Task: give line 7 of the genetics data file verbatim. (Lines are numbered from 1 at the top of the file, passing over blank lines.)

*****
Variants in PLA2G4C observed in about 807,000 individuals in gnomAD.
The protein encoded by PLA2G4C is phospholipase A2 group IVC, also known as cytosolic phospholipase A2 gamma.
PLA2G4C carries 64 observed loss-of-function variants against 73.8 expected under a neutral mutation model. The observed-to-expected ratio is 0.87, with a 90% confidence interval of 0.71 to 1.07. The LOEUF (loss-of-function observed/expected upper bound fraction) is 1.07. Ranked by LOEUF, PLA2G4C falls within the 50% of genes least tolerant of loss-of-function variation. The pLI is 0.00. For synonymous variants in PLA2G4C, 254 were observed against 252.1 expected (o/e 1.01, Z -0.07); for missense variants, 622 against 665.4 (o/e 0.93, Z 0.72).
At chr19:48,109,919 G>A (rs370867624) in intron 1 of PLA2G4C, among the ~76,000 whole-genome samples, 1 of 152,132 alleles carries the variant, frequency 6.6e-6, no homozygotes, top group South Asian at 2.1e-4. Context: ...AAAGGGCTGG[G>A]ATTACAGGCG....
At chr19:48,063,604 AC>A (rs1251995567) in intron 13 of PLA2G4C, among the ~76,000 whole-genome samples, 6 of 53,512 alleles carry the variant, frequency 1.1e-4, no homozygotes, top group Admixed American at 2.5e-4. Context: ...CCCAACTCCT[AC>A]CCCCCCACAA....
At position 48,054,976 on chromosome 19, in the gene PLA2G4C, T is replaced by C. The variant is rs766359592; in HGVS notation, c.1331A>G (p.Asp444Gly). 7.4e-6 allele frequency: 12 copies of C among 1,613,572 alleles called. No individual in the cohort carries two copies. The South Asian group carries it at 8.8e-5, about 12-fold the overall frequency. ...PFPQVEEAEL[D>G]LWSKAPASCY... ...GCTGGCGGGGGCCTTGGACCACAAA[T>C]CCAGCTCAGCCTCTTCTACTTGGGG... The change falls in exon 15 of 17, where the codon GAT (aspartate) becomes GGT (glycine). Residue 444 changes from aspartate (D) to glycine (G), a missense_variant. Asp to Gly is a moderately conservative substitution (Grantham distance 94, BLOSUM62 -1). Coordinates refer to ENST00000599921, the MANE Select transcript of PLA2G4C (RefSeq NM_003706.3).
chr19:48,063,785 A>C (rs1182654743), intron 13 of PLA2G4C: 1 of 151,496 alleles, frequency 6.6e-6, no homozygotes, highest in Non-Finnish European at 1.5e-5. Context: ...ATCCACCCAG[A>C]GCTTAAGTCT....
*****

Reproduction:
chr19:48,063,785 A>C (rs1182654743), intron 13 of PLA2G4C: 1 of 151,496 alleles, frequency 6.6e-6, no homozygotes, highest in Non-Finnish European at 1.5e-5. Context: ...ATCCACCCAG[A>C]GCTTAAGTCT....